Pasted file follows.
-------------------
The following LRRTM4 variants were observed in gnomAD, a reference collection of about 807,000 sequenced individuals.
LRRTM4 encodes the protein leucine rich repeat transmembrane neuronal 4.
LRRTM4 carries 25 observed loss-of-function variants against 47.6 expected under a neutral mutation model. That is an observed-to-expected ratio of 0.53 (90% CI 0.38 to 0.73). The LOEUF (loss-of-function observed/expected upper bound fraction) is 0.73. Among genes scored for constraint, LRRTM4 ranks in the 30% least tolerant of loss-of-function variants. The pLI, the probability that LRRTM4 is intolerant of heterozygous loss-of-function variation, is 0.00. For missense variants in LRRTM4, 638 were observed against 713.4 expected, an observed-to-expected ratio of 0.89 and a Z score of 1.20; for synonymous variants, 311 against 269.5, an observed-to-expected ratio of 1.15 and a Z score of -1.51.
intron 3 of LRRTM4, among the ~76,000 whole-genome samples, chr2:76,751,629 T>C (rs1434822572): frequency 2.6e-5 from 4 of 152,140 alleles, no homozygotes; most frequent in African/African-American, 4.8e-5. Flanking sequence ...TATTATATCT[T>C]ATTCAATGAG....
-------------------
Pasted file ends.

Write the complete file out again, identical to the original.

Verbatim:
The following LRRTM4 variants were observed in gnomAD, a reference collection of about 807,000 sequenced individuals.
LRRTM4 encodes the protein leucine rich repeat transmembrane neuronal 4.
LRRTM4 carries 25 observed loss-of-function variants against 47.6 expected under a neutral mutation model. That is an observed-to-expected ratio of 0.53 (90% CI 0.38 to 0.73). The LOEUF (loss-of-function observed/expected upper bound fraction) is 0.73. Among genes scored for constraint, LRRTM4 ranks in the 30% least tolerant of loss-of-function variants. The pLI, the probability that LRRTM4 is intolerant of heterozygous loss-of-function variation, is 0.00. For missense variants in LRRTM4, 638 were observed against 713.4 expected, an observed-to-expected ratio of 0.89 and a Z score of 1.20; for synonymous variants, 311 against 269.5, an observed-to-expected ratio of 1.15 and a Z score of -1.51.
intron 3 of LRRTM4, among the ~76,000 whole-genome samples, chr2:76,751,629 T>C (rs1434822572): frequency 2.6e-5 from 4 of 152,140 alleles, no homozygotes; most frequent in African/African-American, 4.8e-5. Flanking sequence ...TATTATATCT[T>C]ATTCAATGAG....